It is not new to the world when certain factions misuse natural resources to finance or advocate conflict which has become a common phenomenon over the last few decades: from crude oil in the Middle East, timber in Cambodia, blood diamonds in Sierra Leone and Angola and even gold in low income countries. Very often natural resources provide a means to finance as they are internationally tradable assets which are mobile and easy to dispose off.
Without appropriate measures, these assets may find their way towards funding armed groups that are conditioned to overlook human rights and grossly neglect humanitarian laws. The Democratic Republic of Congo for Instance was responsible for 0.8 % or 22 tonnes of newly mined gold, but because of the countries weak governance coupled with the fact that most of the gold mines are artisanal small scale mines, they are often subjected to the whims and fancies of armed groups who frequently extort them, therefore the possibility of the gold produced in the Democratic Republic of Congo getting into the regular gold buyers supply chain is minimal. These are only some of the issues as incidences of forced labour by armed groups, low wages, adverse working conditions, negligent mining practices and conflicts continue to be highlighted and the only way to deter these incidences is by obstructing gold mined under these conditions to get into the supply chain. However this is not an easy task as gold from independent small mines are usually melted down and mixed with gold from other sources (usually with recycled gold – 35 % of the annual gold supply comes from recycled gold) and sent off to end users through a complex transactions which make them virtually impossible to be traced back to its origins.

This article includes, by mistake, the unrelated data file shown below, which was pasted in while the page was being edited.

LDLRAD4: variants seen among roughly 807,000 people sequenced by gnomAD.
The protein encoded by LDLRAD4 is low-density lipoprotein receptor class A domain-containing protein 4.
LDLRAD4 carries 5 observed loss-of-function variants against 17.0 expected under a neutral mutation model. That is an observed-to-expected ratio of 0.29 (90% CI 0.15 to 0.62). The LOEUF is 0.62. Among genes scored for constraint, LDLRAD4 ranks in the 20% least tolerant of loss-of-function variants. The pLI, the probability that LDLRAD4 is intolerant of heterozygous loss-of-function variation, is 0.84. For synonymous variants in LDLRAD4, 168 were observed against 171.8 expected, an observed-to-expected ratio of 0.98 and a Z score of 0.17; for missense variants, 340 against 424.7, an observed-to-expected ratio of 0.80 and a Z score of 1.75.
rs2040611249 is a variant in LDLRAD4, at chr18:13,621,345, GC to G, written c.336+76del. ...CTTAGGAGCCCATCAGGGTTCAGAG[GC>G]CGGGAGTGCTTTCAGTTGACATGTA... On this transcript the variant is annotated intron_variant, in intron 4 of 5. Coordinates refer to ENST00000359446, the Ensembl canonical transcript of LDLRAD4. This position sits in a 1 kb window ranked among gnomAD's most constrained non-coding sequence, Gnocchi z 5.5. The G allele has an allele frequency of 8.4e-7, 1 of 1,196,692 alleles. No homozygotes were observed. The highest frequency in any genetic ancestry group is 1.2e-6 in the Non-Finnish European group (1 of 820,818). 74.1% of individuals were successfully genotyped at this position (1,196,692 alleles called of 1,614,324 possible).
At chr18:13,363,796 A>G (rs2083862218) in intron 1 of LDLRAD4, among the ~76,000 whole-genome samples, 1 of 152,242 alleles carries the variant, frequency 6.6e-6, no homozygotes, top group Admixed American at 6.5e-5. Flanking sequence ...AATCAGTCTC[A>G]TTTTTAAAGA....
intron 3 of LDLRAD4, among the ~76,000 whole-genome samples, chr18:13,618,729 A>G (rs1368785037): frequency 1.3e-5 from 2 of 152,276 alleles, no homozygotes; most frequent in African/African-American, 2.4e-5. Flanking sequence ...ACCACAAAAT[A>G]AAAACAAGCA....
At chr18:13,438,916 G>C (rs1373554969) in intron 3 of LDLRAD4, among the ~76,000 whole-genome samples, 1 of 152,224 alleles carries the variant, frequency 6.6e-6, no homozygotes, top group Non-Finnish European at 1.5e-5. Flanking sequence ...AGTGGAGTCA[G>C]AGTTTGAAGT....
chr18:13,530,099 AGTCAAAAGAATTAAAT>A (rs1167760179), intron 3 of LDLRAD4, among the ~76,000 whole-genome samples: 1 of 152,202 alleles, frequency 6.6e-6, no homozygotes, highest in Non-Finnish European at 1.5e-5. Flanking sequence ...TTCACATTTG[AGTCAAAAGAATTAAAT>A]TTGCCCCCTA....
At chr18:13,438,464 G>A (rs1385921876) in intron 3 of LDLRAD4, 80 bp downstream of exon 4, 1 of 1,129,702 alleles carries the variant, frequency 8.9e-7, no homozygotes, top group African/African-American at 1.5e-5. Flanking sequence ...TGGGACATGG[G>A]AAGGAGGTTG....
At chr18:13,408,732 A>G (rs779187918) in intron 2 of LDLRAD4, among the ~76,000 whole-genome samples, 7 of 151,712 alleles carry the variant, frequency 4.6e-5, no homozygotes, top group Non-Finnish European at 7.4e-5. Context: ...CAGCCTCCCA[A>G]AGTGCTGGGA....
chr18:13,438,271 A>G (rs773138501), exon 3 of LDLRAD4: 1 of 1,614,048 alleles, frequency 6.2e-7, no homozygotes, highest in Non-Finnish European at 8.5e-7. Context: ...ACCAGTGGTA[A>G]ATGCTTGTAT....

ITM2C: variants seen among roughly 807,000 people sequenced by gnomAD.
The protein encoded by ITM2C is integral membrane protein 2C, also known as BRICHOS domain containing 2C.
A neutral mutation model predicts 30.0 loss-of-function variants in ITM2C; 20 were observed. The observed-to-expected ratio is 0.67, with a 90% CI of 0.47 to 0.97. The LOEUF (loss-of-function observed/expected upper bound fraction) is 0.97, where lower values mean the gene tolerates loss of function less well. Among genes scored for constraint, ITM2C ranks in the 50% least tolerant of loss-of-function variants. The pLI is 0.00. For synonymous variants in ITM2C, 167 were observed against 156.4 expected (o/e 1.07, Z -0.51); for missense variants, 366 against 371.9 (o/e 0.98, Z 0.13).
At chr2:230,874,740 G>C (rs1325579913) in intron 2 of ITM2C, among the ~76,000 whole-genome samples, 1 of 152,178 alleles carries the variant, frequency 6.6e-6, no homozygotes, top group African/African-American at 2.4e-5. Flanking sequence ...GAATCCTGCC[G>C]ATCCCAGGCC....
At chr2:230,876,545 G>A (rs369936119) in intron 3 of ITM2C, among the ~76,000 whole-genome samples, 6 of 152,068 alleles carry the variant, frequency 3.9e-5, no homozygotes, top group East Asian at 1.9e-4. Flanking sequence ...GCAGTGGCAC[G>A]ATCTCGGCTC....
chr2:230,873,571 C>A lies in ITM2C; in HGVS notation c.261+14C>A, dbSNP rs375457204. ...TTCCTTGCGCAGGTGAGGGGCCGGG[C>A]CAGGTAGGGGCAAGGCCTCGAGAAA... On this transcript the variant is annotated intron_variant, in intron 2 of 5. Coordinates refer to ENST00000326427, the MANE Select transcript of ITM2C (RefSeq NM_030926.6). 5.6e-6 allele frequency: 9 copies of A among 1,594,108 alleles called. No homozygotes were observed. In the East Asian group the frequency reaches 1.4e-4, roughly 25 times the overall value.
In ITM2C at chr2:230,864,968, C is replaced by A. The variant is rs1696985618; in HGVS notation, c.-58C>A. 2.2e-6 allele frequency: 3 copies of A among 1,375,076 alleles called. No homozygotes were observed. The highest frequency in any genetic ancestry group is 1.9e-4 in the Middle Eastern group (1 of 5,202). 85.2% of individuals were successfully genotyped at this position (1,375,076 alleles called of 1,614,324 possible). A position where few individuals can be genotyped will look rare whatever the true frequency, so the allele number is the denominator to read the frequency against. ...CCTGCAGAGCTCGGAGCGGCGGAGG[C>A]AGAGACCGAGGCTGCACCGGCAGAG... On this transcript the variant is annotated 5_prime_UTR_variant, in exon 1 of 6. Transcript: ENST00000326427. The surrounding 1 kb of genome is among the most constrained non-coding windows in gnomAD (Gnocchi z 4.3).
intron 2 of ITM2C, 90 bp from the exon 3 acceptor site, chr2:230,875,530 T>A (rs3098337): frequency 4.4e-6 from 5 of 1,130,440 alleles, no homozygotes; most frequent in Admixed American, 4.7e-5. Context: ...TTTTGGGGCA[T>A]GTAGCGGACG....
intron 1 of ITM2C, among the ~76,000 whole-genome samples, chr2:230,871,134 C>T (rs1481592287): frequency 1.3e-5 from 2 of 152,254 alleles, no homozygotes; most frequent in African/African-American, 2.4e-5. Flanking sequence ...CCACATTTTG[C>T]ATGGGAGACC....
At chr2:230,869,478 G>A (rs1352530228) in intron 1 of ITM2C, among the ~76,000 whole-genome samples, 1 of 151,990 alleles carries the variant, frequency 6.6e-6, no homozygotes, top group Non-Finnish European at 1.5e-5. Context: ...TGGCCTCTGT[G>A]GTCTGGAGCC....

It is largely due to the availability of ready gold buyers that these armed groups are brazen about their activities as once the gold artisanal and small scale mines reach a refinery, their origins cannot be traced and therefore refineries have become a strong element in the value chain of armed groups and establishing a relationship with a refinery that would accept their gold (knowingly or unknowingly) is all that they need.
Recently the World Gold Council has launched a ‘conflict free gold program’ which aims to stop or prevent gold from conflict zones or high risk areas from reaching refineries and subsequently end users as this would be an effective measure towards eliminating these conflicts and bring reprieve to those who bear the brunt of these armed groups.
However, it is undeniable that artisanal mining is a vital economic activity in some places and if it was not for the gold, the communities in these places would be left without nothing and based on the fact that a significant proportion of mining in these places are illegal and operate beyond government supervision it is prone to smuggling which is often backed by armed groups.
Proving that a batch of gold bullion is from these situations or sources is the first step, but a difficult one undeniably.
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